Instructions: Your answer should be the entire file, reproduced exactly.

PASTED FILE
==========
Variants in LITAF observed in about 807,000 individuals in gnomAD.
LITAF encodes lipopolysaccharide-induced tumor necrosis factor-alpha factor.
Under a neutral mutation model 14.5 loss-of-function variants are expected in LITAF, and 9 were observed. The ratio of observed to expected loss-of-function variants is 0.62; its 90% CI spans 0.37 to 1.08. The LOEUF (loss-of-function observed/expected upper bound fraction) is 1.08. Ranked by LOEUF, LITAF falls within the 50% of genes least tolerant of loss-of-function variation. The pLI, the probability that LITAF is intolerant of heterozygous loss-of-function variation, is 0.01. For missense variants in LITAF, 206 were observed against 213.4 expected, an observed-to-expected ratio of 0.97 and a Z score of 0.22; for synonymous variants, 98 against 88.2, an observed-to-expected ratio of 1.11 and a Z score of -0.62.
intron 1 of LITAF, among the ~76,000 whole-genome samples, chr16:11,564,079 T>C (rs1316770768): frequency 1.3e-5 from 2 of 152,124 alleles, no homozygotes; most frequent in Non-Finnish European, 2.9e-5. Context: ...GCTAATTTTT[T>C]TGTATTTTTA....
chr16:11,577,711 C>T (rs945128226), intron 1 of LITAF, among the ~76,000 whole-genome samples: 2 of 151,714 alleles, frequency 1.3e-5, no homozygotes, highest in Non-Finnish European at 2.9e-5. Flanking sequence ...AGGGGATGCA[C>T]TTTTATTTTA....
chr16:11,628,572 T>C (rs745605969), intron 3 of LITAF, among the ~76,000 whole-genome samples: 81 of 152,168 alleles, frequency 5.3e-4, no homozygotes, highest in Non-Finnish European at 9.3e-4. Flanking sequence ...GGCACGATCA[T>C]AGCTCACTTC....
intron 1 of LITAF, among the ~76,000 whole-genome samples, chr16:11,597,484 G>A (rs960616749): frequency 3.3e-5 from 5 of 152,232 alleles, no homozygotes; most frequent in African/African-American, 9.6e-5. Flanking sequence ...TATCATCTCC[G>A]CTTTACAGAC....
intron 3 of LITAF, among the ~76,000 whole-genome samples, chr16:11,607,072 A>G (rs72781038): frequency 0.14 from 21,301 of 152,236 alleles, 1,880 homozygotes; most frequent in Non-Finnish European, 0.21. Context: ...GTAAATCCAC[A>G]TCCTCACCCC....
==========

Variants in LITAF observed in about 807,000 individuals in gnomAD.
LITAF encodes lipopolysaccharide-induced tumor necrosis factor-alpha factor.
Under a neutral mutation model 14.5 loss-of-function variants are expected in LITAF, and 9 were observed. The ratio of observed to expected loss-of-function variants is 0.62; its 90% CI spans 0.37 to 1.08. The LOEUF (loss-of-function observed/expected upper bound fraction) is 1.08. Ranked by LOEUF, LITAF falls within the 50% of genes least tolerant of loss-of-function variation. The pLI, the probability that LITAF is intolerant of heterozygous loss-of-function variation, is 0.01. For missense variants in LITAF, 206 were observed against 213.4 expected, an observed-to-expected ratio of 0.97 and a Z score of 0.22; for synonymous variants, 98 against 88.2, an observed-to-expected ratio of 1.11 and a Z score of -0.62.
intron 1 of LITAF, among the ~76,000 whole-genome samples, chr16:11,564,079 T>C (rs1316770768): frequency 1.3e-5 from 2 of 152,124 alleles, no homozygotes; most frequent in Non-Finnish European, 2.9e-5. Context: ...GCTAATTTTT[T>C]TGTATTTTTA....
chr16:11,577,711 C>T (rs945128226), intron 1 of LITAF, among the ~76,000 whole-genome samples: 2 of 151,714 alleles, frequency 1.3e-5, no homozygotes, highest in Non-Finnish European at 2.9e-5. Flanking sequence ...AGGGGATGCA[C>T]TTTTATTTTA....
chr16:11,628,572 T>C (rs745605969), intron 3 of LITAF, among the ~76,000 whole-genome samples: 81 of 152,168 alleles, frequency 5.3e-4, no homozygotes, highest in Non-Finnish European at 9.3e-4. Flanking sequence ...GGCACGATCA[T>C]AGCTCACTTC....
intron 1 of LITAF, among the ~76,000 whole-genome samples, chr16:11,597,484 G>A (rs960616749): frequency 3.3e-5 from 5 of 152,232 alleles, no homozygotes; most frequent in African/African-American, 9.6e-5. Flanking sequence ...TATCATCTCC[G>A]CTTTACAGAC....
intron 3 of LITAF, among the ~76,000 whole-genome samples, chr16:11,607,072 A>G (rs72781038): frequency 0.14 from 21,301 of 152,236 alleles, 1,880 homozygotes; most frequent in Non-Finnish European, 0.21. Context: ...GTAAATCCAC[A>G]TCCTCACCCC....